Each of the food entries in the nutrition counter has information in the following categories: food name, portion size, calories, total fat, good fats, bad fats, fiber, sugar, beta-carotene, calcium, vitamin C, and B vitamins. Let’s look at each of these categories more closely.
This is the standard amount of food suggested by the U.S. Department of Agriculture and the food industry. Always check the serving size: it may be smaller or larger than you think.
This is the amount of energy provided by one serving of a food or beverage. You can use this value to help you plan your meals if you are trying to lose weight or restrict your total daily caloric intake.
The figure in the total fat category is the sum of saturated, monounsaturated, polyunsaturated, and trans fats. We break down these four types of fat into two subcategories (bad fats and good fats) in other columns.
Overall, your daily fat intake should be 20 to 25 percent of your total daily calories. Based on a 2,000-calorie-per-day diet, that translates as 2,000 calories x 20% (or 25%) = 400 (or 500) / 9 (calories per gram of fat) = 44 (or 50) grams, which = 396 (or 450) calories. You can use this column to find foods that are low in total fat. Generally, such foods include fruits, vegetables, grains, cereals, soy foods, fish, some poultry, and low-fat dairy. Highly refined or processed foods, meats, whole-milk dairy, baked goods, and snack foods typically have higher total fat (and usually high bad fat) content.
The “Good Fats” category includes the known values of monounsaturated and/or omega-3 fatty acids in the food or beverage. These are the healthy fats that benefit the heart, help lower cholesterol, and protect against insulin resistance. This value can help you choose foods that provide these advantages. Your intake of good fats should be 10 to 15 percent of your total daily calories. Based on the 2,000-calories-per-day model, your good fat intake should be 200 to 300 calories, as follows: 2,000 calories × 10% (or 15%) = 200 (or 300) ÷ 9 (number of calories in a gram of fat) = 22 (or 33) grams.
This category contains the sum of saturated and trans fats in the food and beverages in the counter. These are the artery-clogging, heart-stopping fats, and the ones that you want to limit in your diet. Foods typically high in saturated fat include meats, butter, tropical oils, full-fat dairy products, margarine, and some processed foods. Trans fats are found in margarine, many processed foods such as snacks and crackers, packaged dinners, and fast foods.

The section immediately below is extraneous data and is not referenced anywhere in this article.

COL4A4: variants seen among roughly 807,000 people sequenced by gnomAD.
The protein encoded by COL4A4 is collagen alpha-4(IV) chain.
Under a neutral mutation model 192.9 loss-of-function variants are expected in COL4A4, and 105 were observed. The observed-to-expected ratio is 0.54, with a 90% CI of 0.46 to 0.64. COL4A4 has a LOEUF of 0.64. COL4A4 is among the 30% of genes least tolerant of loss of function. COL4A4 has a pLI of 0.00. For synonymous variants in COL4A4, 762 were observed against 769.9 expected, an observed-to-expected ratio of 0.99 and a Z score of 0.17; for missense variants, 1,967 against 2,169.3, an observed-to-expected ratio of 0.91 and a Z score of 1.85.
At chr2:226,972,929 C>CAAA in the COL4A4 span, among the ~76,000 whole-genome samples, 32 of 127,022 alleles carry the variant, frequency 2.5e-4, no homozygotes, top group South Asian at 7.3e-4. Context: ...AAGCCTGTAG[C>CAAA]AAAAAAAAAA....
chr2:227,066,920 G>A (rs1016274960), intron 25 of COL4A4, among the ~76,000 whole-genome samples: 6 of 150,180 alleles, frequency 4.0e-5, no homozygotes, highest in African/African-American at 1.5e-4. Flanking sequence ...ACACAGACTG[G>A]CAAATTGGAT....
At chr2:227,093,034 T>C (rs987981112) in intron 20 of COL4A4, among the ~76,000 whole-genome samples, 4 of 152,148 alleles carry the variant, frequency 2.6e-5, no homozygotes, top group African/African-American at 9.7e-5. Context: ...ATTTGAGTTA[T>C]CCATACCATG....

Saturated and trans fat together should not exceed 10 percent of your total caloric intake per day. Given the standard 2,000 calories-per-day model, your daily intake of bad fats should not be more than 200 calories (2,000 calories × 10% = 200 ÷ 9 (number of calories in a gram of fat), or 22 grams. A quick look at the “Bad Fats” category will give you immediate information on the bad fat content of the foods and beverages you are considering and help you make healthier choices.
This no-calorie nutrient plays many important roles in an anti-aging diet; for example, it helps reduce cholesterol and triglyceride levels, fight obesity, prevent constipation, reduce risk of intestinal problems, including colon cancer, stabilize glucose levels, and remove toxins from the body. If you are between the ages of 19 and 50, you should strive to get 38 grams of fiber daily if you are male, and 25 grams if you are female. If you are older than 50, the National Academy of Sciences, Food and Nutrition Board recommends 30 grams for men and 21 grams for women.
You can scan the fiber column to find foods that contain a good fiber content (at least 2.5 to 3 grams per serving). Foods that typically fall into this range or higher include fruits and vegetables, cereals, grains, nuts, seeds, and some soy-based foods.
Sugar refers to simple sugars, the ones that are especially harmful because they cause a rapid rise in blood glucose levels and lead to insulin resistance, both of which increase your risk of diabetes, heart disease, and many other serious medical conditions. High intake of simple sugars can also lead to weight gain.
Keep in mind that the “Sugars” category includes both naturally occurring sugars (like those found in fruit, fruit juices, milk, and some vegetables) as well as those that are added to foods and beverages. You can find added sugars on the ingredient lists on food packages.
You can use the “Sugars” category to help you limit the amount of added simple sugars in your diet and to ensure you get enough of the good sugars (complex carbs). When looking at foods that often have added sugars, such as breakfast cereals and cookies, you can scan the “Sugars” category for those that contain low amounts (between 0 and 5 grams of total sugars).